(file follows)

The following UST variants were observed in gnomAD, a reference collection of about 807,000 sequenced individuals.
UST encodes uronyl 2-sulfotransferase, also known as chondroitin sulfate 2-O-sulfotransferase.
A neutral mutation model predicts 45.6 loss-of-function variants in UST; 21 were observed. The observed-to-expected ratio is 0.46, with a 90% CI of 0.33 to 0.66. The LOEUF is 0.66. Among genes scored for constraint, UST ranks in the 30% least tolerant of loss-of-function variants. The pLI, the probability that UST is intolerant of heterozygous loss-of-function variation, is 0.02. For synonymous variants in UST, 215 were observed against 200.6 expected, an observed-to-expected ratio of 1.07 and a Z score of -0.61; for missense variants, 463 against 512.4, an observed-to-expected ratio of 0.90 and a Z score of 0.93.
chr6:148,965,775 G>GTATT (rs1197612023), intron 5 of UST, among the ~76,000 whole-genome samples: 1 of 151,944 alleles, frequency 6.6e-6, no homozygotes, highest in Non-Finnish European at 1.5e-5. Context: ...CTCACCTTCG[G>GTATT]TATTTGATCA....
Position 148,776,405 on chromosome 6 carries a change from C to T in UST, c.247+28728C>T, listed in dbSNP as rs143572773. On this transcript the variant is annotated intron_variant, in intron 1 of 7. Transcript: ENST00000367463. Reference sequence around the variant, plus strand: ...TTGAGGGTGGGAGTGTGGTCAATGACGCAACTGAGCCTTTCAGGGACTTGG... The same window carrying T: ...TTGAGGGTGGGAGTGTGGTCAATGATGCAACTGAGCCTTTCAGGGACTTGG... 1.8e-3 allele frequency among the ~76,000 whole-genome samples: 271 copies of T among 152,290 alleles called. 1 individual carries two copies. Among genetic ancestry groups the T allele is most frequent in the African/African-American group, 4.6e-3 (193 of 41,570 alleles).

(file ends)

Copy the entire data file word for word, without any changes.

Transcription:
The following UST variants were observed in gnomAD, a reference collection of about 807,000 sequenced individuals.
UST encodes uronyl 2-sulfotransferase, also known as chondroitin sulfate 2-O-sulfotransferase.
A neutral mutation model predicts 45.6 loss-of-function variants in UST; 21 were observed. The observed-to-expected ratio is 0.46, with a 90% CI of 0.33 to 0.66. The LOEUF is 0.66. Among genes scored for constraint, UST ranks in the 30% least tolerant of loss-of-function variants. The pLI, the probability that UST is intolerant of heterozygous loss-of-function variation, is 0.02. For synonymous variants in UST, 215 were observed against 200.6 expected, an observed-to-expected ratio of 1.07 and a Z score of -0.61; for missense variants, 463 against 512.4, an observed-to-expected ratio of 0.90 and a Z score of 0.93.
chr6:148,965,775 G>GTATT (rs1197612023), intron 5 of UST, among the ~76,000 whole-genome samples: 1 of 151,944 alleles, frequency 6.6e-6, no homozygotes, highest in Non-Finnish European at 1.5e-5. Context: ...CTCACCTTCG[G>GTATT]TATTTGATCA....
Position 148,776,405 on chromosome 6 carries a change from C to T in UST, c.247+28728C>T, listed in dbSNP as rs143572773. On this transcript the variant is annotated intron_variant, in intron 1 of 7. Transcript: ENST00000367463. Reference sequence around the variant, plus strand: ...TTGAGGGTGGGAGTGTGGTCAATGACGCAACTGAGCCTTTCAGGGACTTGG... The same window carrying T: ...TTGAGGGTGGGAGTGTGGTCAATGATGCAACTGAGCCTTTCAGGGACTTGG... 1.8e-3 allele frequency among the ~76,000 whole-genome samples: 271 copies of T among 152,290 alleles called. 1 individual carries two copies. Among genetic ancestry groups the T allele is most frequent in the African/African-American group, 4.6e-3 (193 of 41,570 alleles).